The movie is at its best when it embraces its campy and corny side, especially when it makes fun of characters’ stupidity rather than digging into complicated social concerns that it wasn’t meant to address. One memorable scene is when Doug confronts Frankie the Mermaid after he confesses to his crimes while bragging about them. The scenario is performed with a combination of lighting, framing, and ridiculousness that creates a hilarious moment when Father Doug responds by impaling the pimp with a dinosaur claw.

Because it is so ridiculous, the storyline of a ninja clan’s scheme to trick people into addiction and then convert them to Christianity would suit wonderfully in a low-budget ninja movie. The VelociPastor has moments that suggest the possibility of a really compelling story beneath its purposefully corny surface.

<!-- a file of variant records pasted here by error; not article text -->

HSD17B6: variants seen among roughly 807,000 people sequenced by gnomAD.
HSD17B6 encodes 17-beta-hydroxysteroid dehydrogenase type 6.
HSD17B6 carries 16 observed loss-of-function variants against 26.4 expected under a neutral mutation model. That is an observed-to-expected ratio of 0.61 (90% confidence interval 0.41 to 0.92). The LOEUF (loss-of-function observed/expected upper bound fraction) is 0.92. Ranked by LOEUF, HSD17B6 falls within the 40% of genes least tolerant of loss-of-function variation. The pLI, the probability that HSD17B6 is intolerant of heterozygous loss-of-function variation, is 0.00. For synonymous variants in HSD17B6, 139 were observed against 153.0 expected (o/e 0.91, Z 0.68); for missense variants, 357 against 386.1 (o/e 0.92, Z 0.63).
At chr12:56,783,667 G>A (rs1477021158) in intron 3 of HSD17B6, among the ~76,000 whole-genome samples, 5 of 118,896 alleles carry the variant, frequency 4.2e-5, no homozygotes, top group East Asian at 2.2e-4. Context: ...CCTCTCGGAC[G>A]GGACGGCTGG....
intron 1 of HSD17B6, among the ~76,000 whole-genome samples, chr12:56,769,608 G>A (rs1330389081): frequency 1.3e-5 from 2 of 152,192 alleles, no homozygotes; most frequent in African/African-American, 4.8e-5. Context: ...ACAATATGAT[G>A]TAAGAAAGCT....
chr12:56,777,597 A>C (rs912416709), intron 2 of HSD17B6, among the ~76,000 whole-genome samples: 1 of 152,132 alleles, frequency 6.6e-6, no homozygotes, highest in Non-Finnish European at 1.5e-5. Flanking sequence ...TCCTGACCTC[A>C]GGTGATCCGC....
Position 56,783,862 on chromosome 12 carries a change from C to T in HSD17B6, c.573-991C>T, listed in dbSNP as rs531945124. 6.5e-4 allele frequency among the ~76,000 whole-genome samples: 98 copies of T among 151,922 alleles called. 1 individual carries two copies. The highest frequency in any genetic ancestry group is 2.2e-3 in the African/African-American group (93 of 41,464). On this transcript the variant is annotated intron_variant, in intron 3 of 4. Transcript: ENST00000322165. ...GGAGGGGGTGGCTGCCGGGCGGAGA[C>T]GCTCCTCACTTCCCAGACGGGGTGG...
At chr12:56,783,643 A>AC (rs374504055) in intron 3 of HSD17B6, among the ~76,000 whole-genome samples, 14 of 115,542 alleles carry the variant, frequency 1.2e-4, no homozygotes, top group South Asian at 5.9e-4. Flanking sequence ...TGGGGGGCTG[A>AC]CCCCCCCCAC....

From Pulpit to Pterodactyl: The Velocipastor Phenomenon


A man in a leather jacket holding a sword


The dino-suit is so laughably awful that it becomes ludicrous when it finally emerges in a pivotal battle. As the ill-fitting, amateurish homemade costume begins to break apart, the audience is encouraged to criticize and make fun of the movie.

Is the film a comedic masterwork? Most likely not, but it’s pleasantly better than anticipated. The VelociPastor has catchy lines that are worth yelling in a theatre, and it may even become a cult favorite among late-night movie aficionados. Despite being only an hour and ten minutes long, it might only need to be cut by about 45 minutes to be truly fantastic.

However, witnessing a priest turn into a dinosaur is the primary draw here. Aside from a few fleeting glimpses of dinosaur body parts earlier in the movie, the conclusion meets audience expectations.


Also Read: Heart Of Stone: Does It Deserve Hearts Or Stones?